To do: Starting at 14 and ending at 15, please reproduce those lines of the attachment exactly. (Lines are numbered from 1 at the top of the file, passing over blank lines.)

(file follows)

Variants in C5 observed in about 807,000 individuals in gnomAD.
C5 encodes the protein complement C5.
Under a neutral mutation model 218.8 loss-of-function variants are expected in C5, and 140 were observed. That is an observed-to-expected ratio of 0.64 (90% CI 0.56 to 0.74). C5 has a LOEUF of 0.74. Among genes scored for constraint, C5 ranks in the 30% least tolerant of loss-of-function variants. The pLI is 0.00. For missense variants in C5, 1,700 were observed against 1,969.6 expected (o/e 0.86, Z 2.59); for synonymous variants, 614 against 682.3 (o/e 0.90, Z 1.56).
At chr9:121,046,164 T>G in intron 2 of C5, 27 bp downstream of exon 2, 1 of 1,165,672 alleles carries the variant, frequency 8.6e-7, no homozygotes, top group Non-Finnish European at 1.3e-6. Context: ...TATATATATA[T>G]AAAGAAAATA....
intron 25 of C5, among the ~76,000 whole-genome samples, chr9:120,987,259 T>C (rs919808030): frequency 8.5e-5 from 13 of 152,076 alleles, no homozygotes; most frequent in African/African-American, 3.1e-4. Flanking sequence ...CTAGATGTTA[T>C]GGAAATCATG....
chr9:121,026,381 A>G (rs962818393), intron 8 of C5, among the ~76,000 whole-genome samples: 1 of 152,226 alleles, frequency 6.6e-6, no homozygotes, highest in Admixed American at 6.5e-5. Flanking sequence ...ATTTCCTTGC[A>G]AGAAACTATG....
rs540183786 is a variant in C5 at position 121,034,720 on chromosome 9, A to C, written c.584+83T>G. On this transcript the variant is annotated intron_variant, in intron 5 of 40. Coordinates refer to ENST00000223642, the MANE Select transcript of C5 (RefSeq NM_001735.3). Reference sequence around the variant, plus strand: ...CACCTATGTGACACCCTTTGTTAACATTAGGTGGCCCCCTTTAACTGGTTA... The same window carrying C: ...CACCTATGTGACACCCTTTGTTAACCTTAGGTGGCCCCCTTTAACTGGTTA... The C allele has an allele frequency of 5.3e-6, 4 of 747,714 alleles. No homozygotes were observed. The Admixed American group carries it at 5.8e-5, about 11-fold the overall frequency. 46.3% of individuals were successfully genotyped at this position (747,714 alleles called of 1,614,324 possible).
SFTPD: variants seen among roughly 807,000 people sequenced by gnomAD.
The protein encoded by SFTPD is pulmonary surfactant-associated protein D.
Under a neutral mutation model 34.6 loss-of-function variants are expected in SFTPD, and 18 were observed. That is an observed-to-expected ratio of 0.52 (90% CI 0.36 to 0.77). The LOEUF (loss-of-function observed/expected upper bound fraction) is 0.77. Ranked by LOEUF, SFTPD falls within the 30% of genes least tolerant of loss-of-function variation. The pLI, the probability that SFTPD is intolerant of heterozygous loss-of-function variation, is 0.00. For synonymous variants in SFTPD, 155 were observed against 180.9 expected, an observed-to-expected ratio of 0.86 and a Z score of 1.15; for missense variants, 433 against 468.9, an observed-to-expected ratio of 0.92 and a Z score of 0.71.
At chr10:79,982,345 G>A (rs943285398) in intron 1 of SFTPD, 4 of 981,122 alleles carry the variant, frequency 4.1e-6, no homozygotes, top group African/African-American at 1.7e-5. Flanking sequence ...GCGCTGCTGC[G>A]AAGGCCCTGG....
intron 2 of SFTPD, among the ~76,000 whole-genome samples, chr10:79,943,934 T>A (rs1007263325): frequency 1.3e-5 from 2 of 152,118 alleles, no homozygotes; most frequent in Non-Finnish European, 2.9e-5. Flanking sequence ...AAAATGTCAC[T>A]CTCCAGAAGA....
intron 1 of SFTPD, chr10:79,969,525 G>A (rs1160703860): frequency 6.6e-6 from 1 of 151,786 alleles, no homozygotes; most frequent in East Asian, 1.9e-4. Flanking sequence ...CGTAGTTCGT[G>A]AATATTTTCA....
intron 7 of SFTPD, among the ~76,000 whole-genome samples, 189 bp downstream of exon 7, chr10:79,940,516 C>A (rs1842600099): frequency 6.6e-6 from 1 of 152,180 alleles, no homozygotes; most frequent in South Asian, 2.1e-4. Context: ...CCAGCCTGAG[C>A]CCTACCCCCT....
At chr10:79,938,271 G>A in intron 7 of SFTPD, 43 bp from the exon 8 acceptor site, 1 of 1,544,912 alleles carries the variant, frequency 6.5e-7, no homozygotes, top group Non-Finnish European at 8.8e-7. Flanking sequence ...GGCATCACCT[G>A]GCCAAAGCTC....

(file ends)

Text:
intron 7 of SFTPD, among the ~76,000 whole-genome samples, 189 bp downstream of exon 7, chr10:79,940,516 C>A (rs1842600099): frequency 6.6e-6 from 1 of 152,180 alleles, no homozygotes; most frequent in South Asian, 2.1e-4. Context: ...CCAGCCTGAG[C>A]CCTACCCCCT....
At chr10:79,938,271 G>A in intron 7 of SFTPD, 43 bp from the exon 8 acceptor site, 1 of 1,544,912 alleles carries the variant, frequency 6.5e-7, no homozygotes, top group Non-Finnish European at 8.8e-7. Flanking sequence ...GGCATCACCT[G>A]GCCAAAGCTC....